April 20, 2018

Fish Birds and Rules

I'm eager to get to the 'new' lake but instead took a trip to the 'old' syndicate pool. In fact both lakes are very old - about 400 years or so but without giving names away I haven't decided how to refer to each one as yet.

I opted for a swim that promised to produce and which involved the minimum push of a barrow. It does however involve a steep decent and an equal number of ascents which is bloody knackering when setting up and packing down. I'd planned for a two night stay but with my second Trakker air mattress letting me down again, I had a dodgy night and a bad back next day. I decided to leave early.

I did however, manage a few bites and landed a couple of the newly stocked fish, one of which is an absolute stunner, and a nice mirror a couple ounces over twenty seven pounds - which was nice. Neil joined me and took over the swim where he went on to take a mid-double and a mid twenty. Yup, the lake is waking up.

A glorious mirror.


Back home we've been feeding the birds as is the norm and the severe winter has seen some interesting visitors but nothing new. We've had more fieldfares, redwing, brambling and redpolls than usual but it took until a few days ago to clock up a new species - a red legged partridge. Quite what it was doing in a suburban village garden - the front one at that - I have no idea. We've had pheasants wander in from the orchards before but I've only seen partridge a mile or so away up the lanes. Our visitor (quickly named Cassidy which should be understood by anybody of a certain age), was perfectly content nearly all day feeding beneath the seed feeder and on what I threw to it. When it left the garden I heard it's call nearby. Wonderful.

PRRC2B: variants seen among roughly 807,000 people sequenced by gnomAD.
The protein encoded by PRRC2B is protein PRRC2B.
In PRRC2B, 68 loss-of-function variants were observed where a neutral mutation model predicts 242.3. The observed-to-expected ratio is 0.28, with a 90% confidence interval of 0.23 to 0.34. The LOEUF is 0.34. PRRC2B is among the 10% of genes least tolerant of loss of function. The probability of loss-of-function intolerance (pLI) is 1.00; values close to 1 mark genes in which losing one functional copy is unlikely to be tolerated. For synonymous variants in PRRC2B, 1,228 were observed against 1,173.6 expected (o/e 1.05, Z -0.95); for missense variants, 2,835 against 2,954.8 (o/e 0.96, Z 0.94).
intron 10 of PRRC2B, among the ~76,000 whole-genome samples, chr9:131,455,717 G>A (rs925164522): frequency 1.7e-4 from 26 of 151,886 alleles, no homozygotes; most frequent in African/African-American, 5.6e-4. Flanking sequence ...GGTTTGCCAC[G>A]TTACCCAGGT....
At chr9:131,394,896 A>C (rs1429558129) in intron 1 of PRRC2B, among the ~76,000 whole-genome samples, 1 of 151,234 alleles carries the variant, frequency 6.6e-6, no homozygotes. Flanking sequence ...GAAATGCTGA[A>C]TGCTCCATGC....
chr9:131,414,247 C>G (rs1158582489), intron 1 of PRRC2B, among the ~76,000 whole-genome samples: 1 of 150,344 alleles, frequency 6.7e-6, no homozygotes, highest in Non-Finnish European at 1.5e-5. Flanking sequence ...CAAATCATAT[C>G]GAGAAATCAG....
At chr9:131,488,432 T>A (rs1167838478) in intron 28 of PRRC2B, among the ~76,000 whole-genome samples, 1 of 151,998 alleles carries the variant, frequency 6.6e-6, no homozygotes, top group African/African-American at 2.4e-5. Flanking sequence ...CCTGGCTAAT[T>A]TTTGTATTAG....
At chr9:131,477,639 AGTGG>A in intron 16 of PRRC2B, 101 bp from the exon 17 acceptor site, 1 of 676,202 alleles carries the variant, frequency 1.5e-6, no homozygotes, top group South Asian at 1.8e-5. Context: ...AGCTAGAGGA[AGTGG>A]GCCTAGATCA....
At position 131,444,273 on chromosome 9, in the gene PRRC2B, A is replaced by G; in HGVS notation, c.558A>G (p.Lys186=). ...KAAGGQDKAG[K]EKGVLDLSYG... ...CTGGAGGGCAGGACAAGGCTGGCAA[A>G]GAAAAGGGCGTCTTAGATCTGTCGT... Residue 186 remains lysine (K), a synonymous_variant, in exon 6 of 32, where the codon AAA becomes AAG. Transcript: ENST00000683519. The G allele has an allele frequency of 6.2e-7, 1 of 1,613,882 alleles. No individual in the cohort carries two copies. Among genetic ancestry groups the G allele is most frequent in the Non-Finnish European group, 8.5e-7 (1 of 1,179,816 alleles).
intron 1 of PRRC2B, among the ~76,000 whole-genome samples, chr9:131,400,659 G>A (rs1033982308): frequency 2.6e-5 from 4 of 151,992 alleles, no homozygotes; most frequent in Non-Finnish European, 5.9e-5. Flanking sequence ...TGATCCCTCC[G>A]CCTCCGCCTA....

It returned a couple of days later and sat on next door's roof calling at dusk and Nicky thought she heard a reply.

I treated myself to a gizmo recently. I'm a sucker for a gadget and got a Trail Camera from China. It took a few days to sort out the best position to film the hedgehogs at night but last night I got good footage (if a little grainy) of two hedgehogs on the lawn and, in the early morning light a red legged partridge. If you check out the video clip you will see, up and to the right by the pink rhodies, a second partridge. Yes, we have a pair. How cool is that?

Single heggie chomping on peanut butter, cat biscuits and raisins 

A pair of partridge


Impatient to get a look at the new lake I 'treated' Nicky to a nice drive and lunch out today. We just happened to drop in at the lake for a bit of a stroll - pure coincidence of course. Now I like a club with well thought out and sensible rules, which this one seems to have. But I was a tad surprised at the following sign at the lake entrance. I don't disagree with it mind and think it should be extended to litter droppers, the noisy and anybody using a bait boat.

It was a lovely walk and we saw a number of small carp in the shallows. I chatted to a chap who showed me a picture of one of the old original stock he'd had last night, a mint, golden common an ounce or two short of twenty pounds. It won't be long before I'm sat poised over my rods plotting a similar fish's downfall.

April 14, 2018


An angler unable to dangle is a very frustrated creature. Of late I have been just that - frustrated to the point of distraction.

I read through some of my old blogs the other day and am amazed at how quickly the time is passing. There are references to a troubled back and a yearning to catch large carp from much farther back than my memory might have had me believe. I am obviously drifting from the fast flowing Wye but have yet to commit to a new obsession. Hang on, I don't like that word - let's say "direction". I concentrated on barbel for many years but in retrospect see it more as part of my development than an overwhelming and uncontrollable urge. Yes, I have found a new direction.